Oromoni: Lagos yet to decide on reopening of Dowen College

By Henry Ojelu

Principal of Dowen College, Lagos, Adebisi Layiwola, yesterday, wept before an Ikeja Coroner inquest, while narrating how the death of a 12-year-old student, Sylvester Oromoni Jnr., was relayed to her.

Coroner Mikhail Kadiri had to stand down proceedings for 10 minutes to enable the principal to pull herself together.

Layiwola said that she received news of the student’s death, while in the process of investigating an allegation that the deceased was bullied by some senior students.

“When the uncle of the deceased came to the school, we were still in the process of the investigation. He received a call from the sister of the deceased in my presence that the deceased’s case had taken a bad turn. It was not long he received another call that the boy had passed on,” she said.

READ ALSO: Sylvester Oromoni: Dowen College principal weeps at coroner inquest

At this point in her testimony, the Dowen College principal broke down in tears and the coroner ordered a 10-minute break.

Earlier, Layiwola, who has been the principal of the school for four years, told the court during cross-examination by counsel to the Oromoni family, Mr. Femi Falana, SAN, that there was no cult in the school.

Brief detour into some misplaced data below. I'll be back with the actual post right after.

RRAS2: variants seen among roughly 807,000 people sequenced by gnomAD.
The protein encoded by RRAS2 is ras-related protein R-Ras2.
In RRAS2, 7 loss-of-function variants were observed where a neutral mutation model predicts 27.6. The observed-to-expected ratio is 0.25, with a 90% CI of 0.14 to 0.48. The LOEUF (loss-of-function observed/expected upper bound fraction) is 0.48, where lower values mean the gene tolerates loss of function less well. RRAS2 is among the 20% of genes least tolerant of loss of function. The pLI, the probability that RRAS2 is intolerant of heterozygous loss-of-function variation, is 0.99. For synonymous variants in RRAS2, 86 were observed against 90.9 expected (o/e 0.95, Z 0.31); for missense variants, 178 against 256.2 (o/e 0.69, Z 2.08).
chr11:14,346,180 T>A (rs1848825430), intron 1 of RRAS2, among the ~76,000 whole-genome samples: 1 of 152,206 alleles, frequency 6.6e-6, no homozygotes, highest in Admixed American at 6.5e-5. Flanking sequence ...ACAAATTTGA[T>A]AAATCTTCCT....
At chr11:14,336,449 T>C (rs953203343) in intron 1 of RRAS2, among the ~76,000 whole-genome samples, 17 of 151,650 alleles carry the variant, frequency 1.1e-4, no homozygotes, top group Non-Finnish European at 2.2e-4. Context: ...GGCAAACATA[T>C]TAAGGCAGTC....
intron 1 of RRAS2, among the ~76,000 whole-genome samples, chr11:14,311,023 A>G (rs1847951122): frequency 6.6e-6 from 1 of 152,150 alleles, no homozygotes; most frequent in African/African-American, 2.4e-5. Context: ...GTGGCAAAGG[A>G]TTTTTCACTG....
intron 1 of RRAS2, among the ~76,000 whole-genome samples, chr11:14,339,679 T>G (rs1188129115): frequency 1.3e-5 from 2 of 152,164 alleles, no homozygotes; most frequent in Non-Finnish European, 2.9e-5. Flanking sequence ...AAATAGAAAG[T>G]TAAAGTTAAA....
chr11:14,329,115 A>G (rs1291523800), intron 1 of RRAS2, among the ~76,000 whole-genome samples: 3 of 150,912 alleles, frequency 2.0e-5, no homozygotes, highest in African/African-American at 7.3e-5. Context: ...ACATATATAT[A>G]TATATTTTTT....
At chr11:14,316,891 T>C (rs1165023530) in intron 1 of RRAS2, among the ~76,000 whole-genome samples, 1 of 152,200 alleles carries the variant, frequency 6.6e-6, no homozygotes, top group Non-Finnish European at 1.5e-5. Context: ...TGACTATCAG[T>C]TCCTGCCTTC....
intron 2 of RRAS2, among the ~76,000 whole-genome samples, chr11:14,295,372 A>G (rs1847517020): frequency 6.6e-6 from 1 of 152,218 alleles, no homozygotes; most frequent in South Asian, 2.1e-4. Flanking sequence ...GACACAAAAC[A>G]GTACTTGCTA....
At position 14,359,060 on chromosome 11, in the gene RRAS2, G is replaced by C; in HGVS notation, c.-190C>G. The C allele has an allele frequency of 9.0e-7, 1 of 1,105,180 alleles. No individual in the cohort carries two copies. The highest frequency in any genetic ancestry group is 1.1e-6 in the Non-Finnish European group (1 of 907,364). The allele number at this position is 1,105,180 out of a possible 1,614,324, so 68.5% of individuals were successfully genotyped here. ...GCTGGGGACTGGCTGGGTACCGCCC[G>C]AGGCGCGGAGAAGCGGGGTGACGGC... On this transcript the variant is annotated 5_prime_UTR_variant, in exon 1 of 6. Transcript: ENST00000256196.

“On the cult allegation, there is no cult in the school. In October, I was informed that the deceased was told to describe the nudity of his sister by some students.

“We called the students who were involved but we did not really talk to them about being in a cult. We spoke to them on the issue of bullying. On the issue of private part description, we set up a panel to investigate and make a recommendation.

“Due to the sensitive nature of the case, the boy in question was given an internal suspension, internal work for two weeks. He was made to apologise to the sister and the deceased. He also went for counselling,” she said.

Falana asked if the witness asked the students whether they gave the deceased a substance to drink. She said: “I did not ask them. Would you be surprised that a black substance was found in the deceased body?” Falana asked. I would not be surprised because I am not a pathologist.”

Responding, she said: “Yes it is true. The boy has been withdrawn after Sylvester’s case, and the boy that bullied him was expelled after the death of the deceased.”

Following Layiwola’s evidence, counsel to Dowen College, Mr Anthony Kpokpo, informed the court that the principal was the last witness from the school.

The coroner adjourned proceedings until March 7 for continuation of hearing.

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